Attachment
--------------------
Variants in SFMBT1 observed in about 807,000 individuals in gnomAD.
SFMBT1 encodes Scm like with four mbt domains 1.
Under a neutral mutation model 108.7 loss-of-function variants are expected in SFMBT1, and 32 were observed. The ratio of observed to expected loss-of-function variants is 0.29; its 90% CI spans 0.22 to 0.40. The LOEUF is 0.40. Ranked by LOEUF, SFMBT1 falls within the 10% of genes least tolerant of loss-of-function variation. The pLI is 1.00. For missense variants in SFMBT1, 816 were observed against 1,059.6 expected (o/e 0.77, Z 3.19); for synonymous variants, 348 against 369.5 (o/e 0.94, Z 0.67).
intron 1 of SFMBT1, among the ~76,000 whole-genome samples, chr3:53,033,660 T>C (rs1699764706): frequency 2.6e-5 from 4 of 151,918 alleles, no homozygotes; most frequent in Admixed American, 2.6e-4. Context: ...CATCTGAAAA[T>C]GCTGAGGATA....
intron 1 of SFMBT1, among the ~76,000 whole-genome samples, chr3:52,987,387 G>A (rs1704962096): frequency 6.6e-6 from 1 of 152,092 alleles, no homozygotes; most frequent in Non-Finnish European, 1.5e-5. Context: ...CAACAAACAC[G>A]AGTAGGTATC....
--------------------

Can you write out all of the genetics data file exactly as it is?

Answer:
Variants in SFMBT1 observed in about 807,000 individuals in gnomAD.
SFMBT1 encodes Scm like with four mbt domains 1.
Under a neutral mutation model 108.7 loss-of-function variants are expected in SFMBT1, and 32 were observed. The ratio of observed to expected loss-of-function variants is 0.29; its 90% CI spans 0.22 to 0.40. The LOEUF is 0.40. Ranked by LOEUF, SFMBT1 falls within the 10% of genes least tolerant of loss-of-function variation. The pLI is 1.00. For missense variants in SFMBT1, 816 were observed against 1,059.6 expected (o/e 0.77, Z 3.19); for synonymous variants, 348 against 369.5 (o/e 0.94, Z 0.67).
intron 1 of SFMBT1, among the ~76,000 whole-genome samples, chr3:53,033,660 T>C (rs1699764706): frequency 2.6e-5 from 4 of 151,918 alleles, no homozygotes; most frequent in Admixed American, 2.6e-4. Context: ...CATCTGAAAA[T>C]GCTGAGGATA....
intron 1 of SFMBT1, among the ~76,000 whole-genome samples, chr3:52,987,387 G>A (rs1704962096): frequency 6.6e-6 from 1 of 152,092 alleles, no homozygotes; most frequent in Non-Finnish European, 1.5e-5. Context: ...CAACAAACAC[G>A]AGTAGGTATC....